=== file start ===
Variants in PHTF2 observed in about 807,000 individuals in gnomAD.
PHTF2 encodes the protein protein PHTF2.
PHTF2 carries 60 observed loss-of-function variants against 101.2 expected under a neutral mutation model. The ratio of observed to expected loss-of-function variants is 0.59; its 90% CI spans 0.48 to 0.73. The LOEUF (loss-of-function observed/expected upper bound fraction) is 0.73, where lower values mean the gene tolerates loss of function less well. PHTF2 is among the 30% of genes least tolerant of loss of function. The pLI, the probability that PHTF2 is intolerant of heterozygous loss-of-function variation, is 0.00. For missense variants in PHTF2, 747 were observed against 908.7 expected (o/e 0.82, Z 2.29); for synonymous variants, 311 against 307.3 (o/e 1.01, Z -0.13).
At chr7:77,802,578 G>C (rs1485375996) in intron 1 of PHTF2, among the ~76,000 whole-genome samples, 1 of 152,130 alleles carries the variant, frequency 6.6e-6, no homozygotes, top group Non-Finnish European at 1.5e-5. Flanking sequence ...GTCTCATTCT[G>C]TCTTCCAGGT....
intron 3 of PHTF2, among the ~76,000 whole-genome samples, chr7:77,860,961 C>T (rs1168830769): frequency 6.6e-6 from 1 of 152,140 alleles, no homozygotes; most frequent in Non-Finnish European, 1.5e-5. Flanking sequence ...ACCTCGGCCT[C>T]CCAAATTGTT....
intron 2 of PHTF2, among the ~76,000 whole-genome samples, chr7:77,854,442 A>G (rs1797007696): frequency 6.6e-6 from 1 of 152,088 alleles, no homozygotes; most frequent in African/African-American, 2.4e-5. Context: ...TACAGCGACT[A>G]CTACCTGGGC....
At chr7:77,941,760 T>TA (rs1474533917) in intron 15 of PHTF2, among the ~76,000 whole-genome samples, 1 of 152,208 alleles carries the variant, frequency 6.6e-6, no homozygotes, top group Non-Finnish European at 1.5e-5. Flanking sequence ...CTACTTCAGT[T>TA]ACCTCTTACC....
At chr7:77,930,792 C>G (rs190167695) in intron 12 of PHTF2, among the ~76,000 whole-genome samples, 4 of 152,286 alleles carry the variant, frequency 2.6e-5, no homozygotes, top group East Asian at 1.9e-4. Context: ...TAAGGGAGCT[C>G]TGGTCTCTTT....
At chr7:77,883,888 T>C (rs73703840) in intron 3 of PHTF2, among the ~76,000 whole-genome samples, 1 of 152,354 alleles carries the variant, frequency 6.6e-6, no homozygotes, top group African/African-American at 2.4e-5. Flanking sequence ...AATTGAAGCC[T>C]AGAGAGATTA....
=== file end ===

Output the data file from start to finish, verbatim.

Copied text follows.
Variants in PHTF2 observed in about 807,000 individuals in gnomAD.
PHTF2 encodes the protein protein PHTF2.
PHTF2 carries 60 observed loss-of-function variants against 101.2 expected under a neutral mutation model. The ratio of observed to expected loss-of-function variants is 0.59; its 90% CI spans 0.48 to 0.73. The LOEUF (loss-of-function observed/expected upper bound fraction) is 0.73, where lower values mean the gene tolerates loss of function less well. PHTF2 is among the 30% of genes least tolerant of loss of function. The pLI, the probability that PHTF2 is intolerant of heterozygous loss-of-function variation, is 0.00. For missense variants in PHTF2, 747 were observed against 908.7 expected (o/e 0.82, Z 2.29); for synonymous variants, 311 against 307.3 (o/e 1.01, Z -0.13).
At chr7:77,802,578 G>C (rs1485375996) in intron 1 of PHTF2, among the ~76,000 whole-genome samples, 1 of 152,130 alleles carries the variant, frequency 6.6e-6, no homozygotes, top group Non-Finnish European at 1.5e-5. Flanking sequence ...GTCTCATTCT[G>C]TCTTCCAGGT....
intron 3 of PHTF2, among the ~76,000 whole-genome samples, chr7:77,860,961 C>T (rs1168830769): frequency 6.6e-6 from 1 of 152,140 alleles, no homozygotes; most frequent in Non-Finnish European, 1.5e-5. Flanking sequence ...ACCTCGGCCT[C>T]CCAAATTGTT....
intron 2 of PHTF2, among the ~76,000 whole-genome samples, chr7:77,854,442 A>G (rs1797007696): frequency 6.6e-6 from 1 of 152,088 alleles, no homozygotes; most frequent in African/African-American, 2.4e-5. Context: ...TACAGCGACT[A>G]CTACCTGGGC....
At chr7:77,941,760 T>TA (rs1474533917) in intron 15 of PHTF2, among the ~76,000 whole-genome samples, 1 of 152,208 alleles carries the variant, frequency 6.6e-6, no homozygotes, top group Non-Finnish European at 1.5e-5. Flanking sequence ...CTACTTCAGT[T>TA]ACCTCTTACC....
At chr7:77,930,792 C>G (rs190167695) in intron 12 of PHTF2, among the ~76,000 whole-genome samples, 4 of 152,286 alleles carry the variant, frequency 2.6e-5, no homozygotes, top group East Asian at 1.9e-4. Context: ...TAAGGGAGCT[C>G]TGGTCTCTTT....
At chr7:77,883,888 T>C (rs73703840) in intron 3 of PHTF2, among the ~76,000 whole-genome samples, 1 of 152,354 alleles carries the variant, frequency 6.6e-6, no homozygotes, top group African/African-American at 2.4e-5. Flanking sequence ...AATTGAAGCC[T>C]AGAGAGATTA....